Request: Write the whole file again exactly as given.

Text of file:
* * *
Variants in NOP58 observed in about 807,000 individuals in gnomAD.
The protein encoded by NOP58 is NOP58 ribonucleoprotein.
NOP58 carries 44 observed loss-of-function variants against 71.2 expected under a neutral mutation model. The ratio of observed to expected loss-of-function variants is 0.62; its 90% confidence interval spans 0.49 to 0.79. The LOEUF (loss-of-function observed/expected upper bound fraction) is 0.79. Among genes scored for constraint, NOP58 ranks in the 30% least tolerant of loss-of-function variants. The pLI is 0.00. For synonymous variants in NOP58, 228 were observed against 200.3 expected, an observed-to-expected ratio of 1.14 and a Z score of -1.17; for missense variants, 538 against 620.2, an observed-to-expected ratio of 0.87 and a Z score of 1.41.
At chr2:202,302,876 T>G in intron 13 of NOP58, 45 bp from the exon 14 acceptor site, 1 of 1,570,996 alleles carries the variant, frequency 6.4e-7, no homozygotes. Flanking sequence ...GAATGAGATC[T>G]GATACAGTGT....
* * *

Variants in NOP58 observed in about 807,000 individuals in gnomAD.
The protein encoded by NOP58 is NOP58 ribonucleoprotein.
NOP58 carries 44 observed loss-of-function variants against 71.2 expected under a neutral mutation model. The ratio of observed to expected loss-of-function variants is 0.62; its 90% confidence interval spans 0.49 to 0.79. The LOEUF (loss-of-function observed/expected upper bound fraction) is 0.79. Among genes scored for constraint, NOP58 ranks in the 30% least tolerant of loss-of-function variants. The pLI is 0.00. For synonymous variants in NOP58, 228 were observed against 200.3 expected, an observed-to-expected ratio of 1.14 and a Z score of -1.17; for missense variants, 538 against 620.2, an observed-to-expected ratio of 0.87 and a Z score of 1.41.
At chr2:202,302,876 T>G in intron 13 of NOP58, 45 bp from the exon 14 acceptor site, 1 of 1,570,996 alleles carries the variant, frequency 6.4e-7, no homozygotes. Flanking sequence ...GAATGAGATC[T>G]GATACAGTGT....